That Lightbulb Moment

Recently a group on Facebook that talks about "the good old days" in my home town, has been discussing a teacher that I had in third grade.  The discussion has been very insightful for me as while I realized that I was probably not the only person who loved Mrs. Williams, I had no idea that she once taught sixth grade!  (How could that have been possible???)

Third grade was a long time ago (longer than I care to admit), but despite all the years, I still remember Mrs. Williams vividly which just goes to show how much of an impact she had on me (and I'm sure a bevy of other children who passed through the town school system).

I remember her full name, Mrs. Gladys Williams.  (I don't remember the full names of all of my teachers, but those who made a lasting impact I do.  If you had Mrs. Williams she made an impact!).  I don't know if there was a Mr. Williams by the time I got to her third grade class.  In retrospect, I realize that she was an older woman, although I never thought of her as "old" when I was in her class.  I wanted to have her as a third grade teacher.  Most of the "studious" girls did and the "problem" boys did not!  She had a reputation as tough and she was. Even when she retired when I was in middle school (which would have been 3-5 years after I had her as a teacher), it never occurred to me that she was "old."  She was just Mrs. Williams.  And of course I went to her retirement gathering that the school gave in the gym one weekend afternoon.  How could I not?  I don't recall much about it, but I know I was there and that there were plenty of others there as well...both adults and children.

I wish I knew more about her background.  She was quite a character.  Very "old school" as they would say these days.  She had a very short, almost "mannish" haircut and  she rarely wore pants, and if she did it was a very "smart" pants suit.  She was always in in suits and very formal.  One thing that has stayed imprinted in my mind is that her purse and her shoes (pumps of course) always matched.  In my class photo that I managed to dig up she is smiling slightly, but still has that very stern look about her.

She was a tough teacher.  I remember when she taught us fractions.  I just couldn't get the concept when she wanted me to divide something into thirds.  I recall being up at her huge wood desk and having her explain it to me again.  With one of her Bic felt tip markers she drew on a piece of paper three lollipops and asked me to show 1/3.  I can recall vividly how I tried to take one lollipops and split it.  In my mind, a fraction had to be a part of ONE thing.  I think she got frustrated with me and took one of her pens and drew two lines so that each lollipop was physically separated from the other.  The light bulb went off for me.  I suddenly "got it."  I'll never forget that moment.  It has stayed with me for all these decades and I'm sure it will stay with me until for decades to come.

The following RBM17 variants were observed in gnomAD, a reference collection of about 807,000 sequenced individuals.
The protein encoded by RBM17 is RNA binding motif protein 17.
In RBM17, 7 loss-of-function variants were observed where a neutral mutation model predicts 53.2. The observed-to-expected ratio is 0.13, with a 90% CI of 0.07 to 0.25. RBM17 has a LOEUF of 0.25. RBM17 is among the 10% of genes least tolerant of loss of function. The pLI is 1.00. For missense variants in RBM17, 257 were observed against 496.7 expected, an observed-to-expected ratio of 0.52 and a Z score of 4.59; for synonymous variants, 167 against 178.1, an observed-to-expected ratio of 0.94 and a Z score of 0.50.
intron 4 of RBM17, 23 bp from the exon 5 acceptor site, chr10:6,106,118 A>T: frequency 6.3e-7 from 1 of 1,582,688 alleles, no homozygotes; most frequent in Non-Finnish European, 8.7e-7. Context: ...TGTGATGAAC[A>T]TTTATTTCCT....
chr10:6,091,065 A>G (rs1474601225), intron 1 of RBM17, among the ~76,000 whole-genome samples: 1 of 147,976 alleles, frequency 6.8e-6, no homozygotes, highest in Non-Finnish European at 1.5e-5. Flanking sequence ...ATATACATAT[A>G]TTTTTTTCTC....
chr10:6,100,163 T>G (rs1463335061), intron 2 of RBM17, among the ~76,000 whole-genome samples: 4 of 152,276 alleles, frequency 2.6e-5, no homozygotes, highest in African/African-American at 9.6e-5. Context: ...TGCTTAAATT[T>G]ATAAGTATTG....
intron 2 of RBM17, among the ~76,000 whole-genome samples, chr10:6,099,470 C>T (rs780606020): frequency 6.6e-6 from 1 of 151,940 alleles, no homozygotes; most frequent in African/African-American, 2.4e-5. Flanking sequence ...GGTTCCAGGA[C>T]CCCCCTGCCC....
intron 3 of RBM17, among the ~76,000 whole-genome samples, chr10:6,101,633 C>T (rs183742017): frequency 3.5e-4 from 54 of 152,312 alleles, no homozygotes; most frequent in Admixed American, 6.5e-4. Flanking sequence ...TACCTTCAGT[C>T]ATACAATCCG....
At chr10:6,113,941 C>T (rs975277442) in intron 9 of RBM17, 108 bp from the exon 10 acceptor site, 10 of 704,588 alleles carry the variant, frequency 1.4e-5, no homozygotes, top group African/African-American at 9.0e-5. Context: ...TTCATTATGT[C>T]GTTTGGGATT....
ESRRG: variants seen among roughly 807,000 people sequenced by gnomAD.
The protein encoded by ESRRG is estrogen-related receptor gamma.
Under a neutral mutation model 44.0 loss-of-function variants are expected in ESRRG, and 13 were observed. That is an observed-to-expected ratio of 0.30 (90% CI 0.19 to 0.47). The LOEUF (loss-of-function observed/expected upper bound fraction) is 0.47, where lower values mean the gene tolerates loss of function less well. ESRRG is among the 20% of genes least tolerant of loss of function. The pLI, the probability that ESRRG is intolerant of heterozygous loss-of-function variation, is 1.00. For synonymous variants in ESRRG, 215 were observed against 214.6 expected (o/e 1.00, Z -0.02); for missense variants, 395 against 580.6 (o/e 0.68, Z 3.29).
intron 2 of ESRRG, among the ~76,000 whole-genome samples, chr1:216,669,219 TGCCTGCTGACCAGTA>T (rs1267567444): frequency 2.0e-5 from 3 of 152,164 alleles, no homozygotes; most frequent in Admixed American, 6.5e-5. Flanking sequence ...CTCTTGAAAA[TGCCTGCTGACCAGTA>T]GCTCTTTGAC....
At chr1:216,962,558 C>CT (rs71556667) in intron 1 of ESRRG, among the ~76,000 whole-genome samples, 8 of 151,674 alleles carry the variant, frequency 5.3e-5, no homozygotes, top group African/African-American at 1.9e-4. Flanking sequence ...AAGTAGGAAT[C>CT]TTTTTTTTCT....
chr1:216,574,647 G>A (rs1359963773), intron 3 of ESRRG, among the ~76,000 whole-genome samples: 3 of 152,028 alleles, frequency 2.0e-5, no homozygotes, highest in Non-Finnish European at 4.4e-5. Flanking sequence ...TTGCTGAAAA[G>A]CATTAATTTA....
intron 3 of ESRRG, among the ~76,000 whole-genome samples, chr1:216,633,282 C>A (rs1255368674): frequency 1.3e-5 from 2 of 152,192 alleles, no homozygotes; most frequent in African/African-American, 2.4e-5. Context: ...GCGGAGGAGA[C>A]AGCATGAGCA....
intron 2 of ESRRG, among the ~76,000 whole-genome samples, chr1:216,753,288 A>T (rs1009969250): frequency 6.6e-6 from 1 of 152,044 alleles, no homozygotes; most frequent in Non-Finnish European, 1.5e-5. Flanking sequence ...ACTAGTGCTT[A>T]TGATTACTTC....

One last thing that Mrs. Williams instilled in us was her love of reading.  I can't recall if she read to us every day, but she did frequently in the afternoons read us a chapter of one of her many books.  There was Flight of the Doves by Walter Macken, Don't Take Teddy by Babbis Friis-Baastad, The Long Secret by Louise Fitzhugh, The Prince and The Pauper by Mark Twain and  The Lion, The Witch and The Wardrobe by C.S. Lewis.  I re-read them all on my own after I had moved on to the next grades.  And like Mrs. Williams, I fondly remember bits and pieces of the stories, although I don't always have a complete picture.  Perhaps now as an adult I should go back and read them again.  

I wish I could go back and thank Mrs. Williams again.  What happened after she retired?  I'm not certain.  In the corners of my brain I seem to think that she moved to California, though my I do not know.  (Did she have family there?  Friends?  Did she want to leave NJ?)  It's too late now, a reminder again to always thank those who teach and help you to grow.  I hope Mrs. Williams knew how much she meant to me and to all of those countless students she ushered through elementary school in her own unique style.


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